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Pictures and write-ups on Goshawk

Some clarification on the use of certain terms.

 Raptors or raptorial birds, quote -"are warm-blooded egg-laying vertebrates characterized by feathers and forelimbs modified as wings." Then Accipiter are hawks that visit deeply wooded areas. The birds generally has short rounded wings and long rudder like tails, to assist them in maneuver between foliages.

For the Malaysian Bird list, I have grouped all these Accipiters as one under this family heading. The birds included  consist of these birds

1 Osprey 1 Besra
1 Hawk 1 Honey Buzzard
1 Griffons 2 Vultures
2 Goshawks 2 Sparrowhawks
6 Eagles 2 Serpent-Eagles
3Sea/Fish eagles 4 Hawk-Eagles
2 Baza 3 Buzzards
4 Harriers 3 Kites

Included within this large group of Accipiters are the 2 Goshawks that we get to see in Malaysia.

Crested Goshawk Accipiter trivirgatus
Chinese Goshawk Accipiter soloensis

These two Goshawks together with names of birds in the list, they are all birds of prey of a family Accipitridae and we called them simply as Accipiter. To those of us not involve with bird's name or terminology, the word "Eagle" is one familiar term used to describe these large flying birds or the use of the word "Hawk" - another common term. For the more discerning, there is an actual difference between Hawk and Eagle. The Hawk - generally smaller in size and the shorter wingspan which mans they are at the same time less powerful. 

From the many types of Raptors within this large group, I have created this page dedicated to Goshawk but unfortunately missing from this page is the Chinese Goshawk. So far this bird hardly roost here in Central Peninsula where I have no sightings and very little record to aid in my write up.

Crested Goshawk  Accipiter trivirgatus indicus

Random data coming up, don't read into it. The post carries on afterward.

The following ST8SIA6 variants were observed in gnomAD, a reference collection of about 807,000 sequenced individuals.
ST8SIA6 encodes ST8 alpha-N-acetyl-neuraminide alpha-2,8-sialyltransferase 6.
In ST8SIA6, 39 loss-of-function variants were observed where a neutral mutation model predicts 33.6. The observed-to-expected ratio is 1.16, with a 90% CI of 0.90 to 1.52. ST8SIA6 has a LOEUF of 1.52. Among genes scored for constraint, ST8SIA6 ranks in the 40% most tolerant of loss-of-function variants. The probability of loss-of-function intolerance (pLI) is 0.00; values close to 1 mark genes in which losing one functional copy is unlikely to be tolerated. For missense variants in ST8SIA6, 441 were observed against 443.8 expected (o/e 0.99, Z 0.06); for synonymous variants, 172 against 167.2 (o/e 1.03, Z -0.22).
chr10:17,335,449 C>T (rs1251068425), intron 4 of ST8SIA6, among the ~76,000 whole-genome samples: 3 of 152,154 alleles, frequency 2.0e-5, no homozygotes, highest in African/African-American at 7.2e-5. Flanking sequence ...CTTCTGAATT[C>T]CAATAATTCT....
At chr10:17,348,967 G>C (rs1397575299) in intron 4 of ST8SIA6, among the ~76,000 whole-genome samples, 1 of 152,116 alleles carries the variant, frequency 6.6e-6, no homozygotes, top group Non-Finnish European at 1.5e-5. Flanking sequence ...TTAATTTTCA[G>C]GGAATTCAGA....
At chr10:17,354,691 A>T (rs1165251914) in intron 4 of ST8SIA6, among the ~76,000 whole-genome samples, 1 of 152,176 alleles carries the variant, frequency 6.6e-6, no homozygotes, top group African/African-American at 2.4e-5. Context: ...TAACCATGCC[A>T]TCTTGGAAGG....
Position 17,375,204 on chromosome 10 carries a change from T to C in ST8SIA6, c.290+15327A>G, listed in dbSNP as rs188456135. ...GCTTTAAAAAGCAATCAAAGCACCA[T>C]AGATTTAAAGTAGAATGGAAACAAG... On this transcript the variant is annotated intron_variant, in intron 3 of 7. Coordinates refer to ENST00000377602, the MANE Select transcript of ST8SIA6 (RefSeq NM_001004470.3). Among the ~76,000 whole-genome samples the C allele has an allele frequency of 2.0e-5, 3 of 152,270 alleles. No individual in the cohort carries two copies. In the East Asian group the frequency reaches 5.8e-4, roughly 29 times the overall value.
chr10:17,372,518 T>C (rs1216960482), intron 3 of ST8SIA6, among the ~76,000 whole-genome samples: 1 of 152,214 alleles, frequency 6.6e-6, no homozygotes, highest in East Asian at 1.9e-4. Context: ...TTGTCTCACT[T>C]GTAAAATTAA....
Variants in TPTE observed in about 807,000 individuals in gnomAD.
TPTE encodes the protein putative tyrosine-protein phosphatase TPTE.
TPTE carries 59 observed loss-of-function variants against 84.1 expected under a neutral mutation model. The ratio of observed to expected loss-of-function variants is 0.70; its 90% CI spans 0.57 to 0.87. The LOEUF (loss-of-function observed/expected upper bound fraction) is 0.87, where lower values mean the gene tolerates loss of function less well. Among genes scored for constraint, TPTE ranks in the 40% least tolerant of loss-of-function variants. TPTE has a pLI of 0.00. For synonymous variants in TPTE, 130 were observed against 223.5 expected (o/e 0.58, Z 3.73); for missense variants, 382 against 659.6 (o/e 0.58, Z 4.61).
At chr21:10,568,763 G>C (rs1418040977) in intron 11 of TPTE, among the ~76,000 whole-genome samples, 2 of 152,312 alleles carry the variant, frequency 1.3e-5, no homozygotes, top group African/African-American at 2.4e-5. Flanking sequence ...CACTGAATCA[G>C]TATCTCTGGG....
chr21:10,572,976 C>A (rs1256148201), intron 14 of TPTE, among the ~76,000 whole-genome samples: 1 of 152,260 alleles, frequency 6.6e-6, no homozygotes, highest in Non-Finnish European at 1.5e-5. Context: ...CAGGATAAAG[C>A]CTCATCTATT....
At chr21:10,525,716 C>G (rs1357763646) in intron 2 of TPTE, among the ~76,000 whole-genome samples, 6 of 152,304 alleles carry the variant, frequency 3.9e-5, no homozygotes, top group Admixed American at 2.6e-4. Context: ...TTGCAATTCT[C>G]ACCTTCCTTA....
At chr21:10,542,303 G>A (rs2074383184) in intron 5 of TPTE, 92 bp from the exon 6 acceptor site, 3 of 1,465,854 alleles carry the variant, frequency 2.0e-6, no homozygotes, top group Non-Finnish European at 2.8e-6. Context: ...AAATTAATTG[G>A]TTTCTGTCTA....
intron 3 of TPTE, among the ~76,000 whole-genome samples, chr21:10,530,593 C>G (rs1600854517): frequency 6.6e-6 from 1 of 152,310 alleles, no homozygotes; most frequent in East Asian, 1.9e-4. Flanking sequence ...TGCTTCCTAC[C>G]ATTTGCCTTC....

The Crested Goshawk breeds in southern India, Sri Langka, Southern China and the Sundas and Philippines. It is 43 cm in length. This birds has short broad wings and a long tail, designed to maneuvering through trees. Noting that the female much larger than the male.

The Goshawk, when seen from afar may appear as a big bird,  but look at its size. It is actually a relatively small Hawk. Even its call, the shrill scream is considered soft for a bird of this size. This is a bird of the forest edge and from personal experiences, I enjoyed the advantage of having a pair as resident of a public park near my house.

This bird sometimes chose bare branches at canopy level to perch but more often on a branch with lots of foliages. As a bird that is able to weave through forest trees and narrow openings among branches, I have seen the bird doing that type of flight at the lower level. During mating and breeding period both male and female stay together.


Crested Goshawk # 1

Crested Goshawk  # 2

Crested Goshawk  # 3

Crested Goshawk # 4

Crested Goshawk  # 5

Crested Goshawk  # 6

Crested Goshawk  # 7

Crested Goshawk  # 8

Crested Goshawk  # 9

Crested Goshawk  # 10

Crested Goshawk  # 11

Crested Goshawk  # 12

Crested Goshawk # 16

Crested Goshawk  # 17

Crested Goshawk  # 18


It took me some time to getting use to the term "Accipiter" to address this bird of prey. Somehow habits from the non-birding days, "Eagle" is one term that embedded and comes to my mind when describing them.

The Crested Goshawk, I repeat, though a large bird, its presence and movements hardly draw any attention of the locals and residents of the area. Taking counts, I was pleasantly surprised to note the frequency and big numbers available in urban areas, almost a pair would be roosting in many urban parks.

 Goshawk is slowly making its way up the list of the frequently encountered birds of public parks and open country. More, nesting every time and every where that I saw them. In the Rimba where I have ample opportunities, I watched them hovering and gathering thermal. These occasions, the bird must have being mistaken as a Brahminy Kite. Then these are odd situations, I think they do not hover that frequent or doing it as a daily ritual.